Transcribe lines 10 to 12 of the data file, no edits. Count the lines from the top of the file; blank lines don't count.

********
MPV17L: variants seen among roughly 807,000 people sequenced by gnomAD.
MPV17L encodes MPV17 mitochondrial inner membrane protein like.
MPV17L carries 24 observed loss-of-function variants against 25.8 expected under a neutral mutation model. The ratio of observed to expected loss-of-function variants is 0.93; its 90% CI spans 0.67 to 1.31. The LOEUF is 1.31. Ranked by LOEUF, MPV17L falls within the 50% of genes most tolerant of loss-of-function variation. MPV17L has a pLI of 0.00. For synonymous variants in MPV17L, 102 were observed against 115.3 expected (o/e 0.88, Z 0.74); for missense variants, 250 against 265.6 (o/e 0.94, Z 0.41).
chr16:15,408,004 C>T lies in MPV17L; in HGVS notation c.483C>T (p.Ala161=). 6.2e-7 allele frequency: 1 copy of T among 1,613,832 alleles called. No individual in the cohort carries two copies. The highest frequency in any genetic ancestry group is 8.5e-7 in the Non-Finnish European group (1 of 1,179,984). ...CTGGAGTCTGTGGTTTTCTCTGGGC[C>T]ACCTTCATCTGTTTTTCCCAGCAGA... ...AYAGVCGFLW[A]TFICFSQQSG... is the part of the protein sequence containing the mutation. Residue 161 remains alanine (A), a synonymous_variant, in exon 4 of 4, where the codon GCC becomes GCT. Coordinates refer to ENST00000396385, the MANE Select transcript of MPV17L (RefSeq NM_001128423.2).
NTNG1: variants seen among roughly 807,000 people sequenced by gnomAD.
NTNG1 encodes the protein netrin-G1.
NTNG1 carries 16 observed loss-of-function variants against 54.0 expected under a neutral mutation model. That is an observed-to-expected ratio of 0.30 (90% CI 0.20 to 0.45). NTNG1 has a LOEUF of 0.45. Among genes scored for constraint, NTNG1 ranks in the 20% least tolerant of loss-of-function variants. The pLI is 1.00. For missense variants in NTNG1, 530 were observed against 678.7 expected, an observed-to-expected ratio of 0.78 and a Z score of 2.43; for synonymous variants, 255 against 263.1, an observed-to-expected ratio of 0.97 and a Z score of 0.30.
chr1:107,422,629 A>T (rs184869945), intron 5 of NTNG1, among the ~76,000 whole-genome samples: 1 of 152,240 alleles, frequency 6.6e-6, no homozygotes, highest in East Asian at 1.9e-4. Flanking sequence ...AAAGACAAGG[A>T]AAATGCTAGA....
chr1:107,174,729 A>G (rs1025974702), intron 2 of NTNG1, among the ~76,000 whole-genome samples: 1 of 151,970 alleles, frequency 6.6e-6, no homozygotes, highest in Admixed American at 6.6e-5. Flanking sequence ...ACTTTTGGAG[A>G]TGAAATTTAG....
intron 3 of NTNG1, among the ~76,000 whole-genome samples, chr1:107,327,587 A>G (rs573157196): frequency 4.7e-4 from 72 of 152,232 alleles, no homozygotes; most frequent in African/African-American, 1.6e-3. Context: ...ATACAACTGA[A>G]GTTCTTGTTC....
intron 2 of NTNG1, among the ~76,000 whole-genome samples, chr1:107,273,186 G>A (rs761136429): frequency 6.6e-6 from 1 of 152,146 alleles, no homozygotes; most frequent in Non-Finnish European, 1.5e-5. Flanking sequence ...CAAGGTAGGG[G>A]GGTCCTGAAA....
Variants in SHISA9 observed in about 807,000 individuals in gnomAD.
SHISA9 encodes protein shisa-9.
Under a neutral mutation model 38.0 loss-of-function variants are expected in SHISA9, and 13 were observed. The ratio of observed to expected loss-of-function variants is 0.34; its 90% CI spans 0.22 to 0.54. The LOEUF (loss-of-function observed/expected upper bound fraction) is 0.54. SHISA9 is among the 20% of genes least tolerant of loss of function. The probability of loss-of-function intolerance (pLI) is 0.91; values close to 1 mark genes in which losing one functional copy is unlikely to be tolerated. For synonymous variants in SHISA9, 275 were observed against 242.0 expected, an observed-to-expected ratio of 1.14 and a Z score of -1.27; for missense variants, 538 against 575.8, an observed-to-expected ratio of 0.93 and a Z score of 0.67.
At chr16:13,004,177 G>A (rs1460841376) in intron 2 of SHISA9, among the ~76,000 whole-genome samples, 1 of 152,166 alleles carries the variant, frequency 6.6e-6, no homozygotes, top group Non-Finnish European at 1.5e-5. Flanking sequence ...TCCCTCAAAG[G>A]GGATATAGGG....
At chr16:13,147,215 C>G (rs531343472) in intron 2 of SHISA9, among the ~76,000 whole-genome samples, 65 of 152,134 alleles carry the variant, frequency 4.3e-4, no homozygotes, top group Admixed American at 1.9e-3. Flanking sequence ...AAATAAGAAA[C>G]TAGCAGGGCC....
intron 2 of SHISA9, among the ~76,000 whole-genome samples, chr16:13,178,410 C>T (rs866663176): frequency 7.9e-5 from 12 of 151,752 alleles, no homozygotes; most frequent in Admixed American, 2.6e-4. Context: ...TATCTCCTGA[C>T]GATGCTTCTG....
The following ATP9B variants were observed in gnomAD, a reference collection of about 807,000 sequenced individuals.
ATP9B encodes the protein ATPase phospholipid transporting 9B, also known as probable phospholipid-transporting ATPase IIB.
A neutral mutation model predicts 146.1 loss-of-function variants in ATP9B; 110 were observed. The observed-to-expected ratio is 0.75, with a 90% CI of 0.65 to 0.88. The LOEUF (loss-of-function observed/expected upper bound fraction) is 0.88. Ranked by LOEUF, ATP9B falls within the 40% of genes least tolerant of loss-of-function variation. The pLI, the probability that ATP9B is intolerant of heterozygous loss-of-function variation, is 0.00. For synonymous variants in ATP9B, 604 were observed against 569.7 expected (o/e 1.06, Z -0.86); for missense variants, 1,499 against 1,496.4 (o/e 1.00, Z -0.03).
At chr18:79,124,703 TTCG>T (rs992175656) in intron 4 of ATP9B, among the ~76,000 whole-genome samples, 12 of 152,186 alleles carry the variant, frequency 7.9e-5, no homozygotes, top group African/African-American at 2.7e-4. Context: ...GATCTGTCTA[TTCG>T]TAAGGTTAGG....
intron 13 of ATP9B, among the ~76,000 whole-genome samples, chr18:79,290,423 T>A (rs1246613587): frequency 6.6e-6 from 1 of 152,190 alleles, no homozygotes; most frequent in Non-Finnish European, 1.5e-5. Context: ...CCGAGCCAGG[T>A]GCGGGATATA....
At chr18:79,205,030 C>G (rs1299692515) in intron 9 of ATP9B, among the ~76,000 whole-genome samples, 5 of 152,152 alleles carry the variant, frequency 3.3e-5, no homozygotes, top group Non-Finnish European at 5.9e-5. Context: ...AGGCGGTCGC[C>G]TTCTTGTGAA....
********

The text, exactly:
intron 3 of NTNG1, among the ~76,000 whole-genome samples, chr1:107,327,587 A>G (rs573157196): frequency 4.7e-4 from 72 of 152,232 alleles, no homozygotes; most frequent in African/African-American, 1.6e-3. Context: ...ATACAACTGA[A>G]GTTCTTGTTC....
intron 2 of NTNG1, among the ~76,000 whole-genome samples, chr1:107,273,186 G>A (rs761136429): frequency 6.6e-6 from 1 of 152,146 alleles, no homozygotes; most frequent in Non-Finnish European, 1.5e-5. Flanking sequence ...CAAGGTAGGG[G>A]GGTCCTGAAA....
Variants in SHISA9 observed in about 807,000 individuals in gnomAD.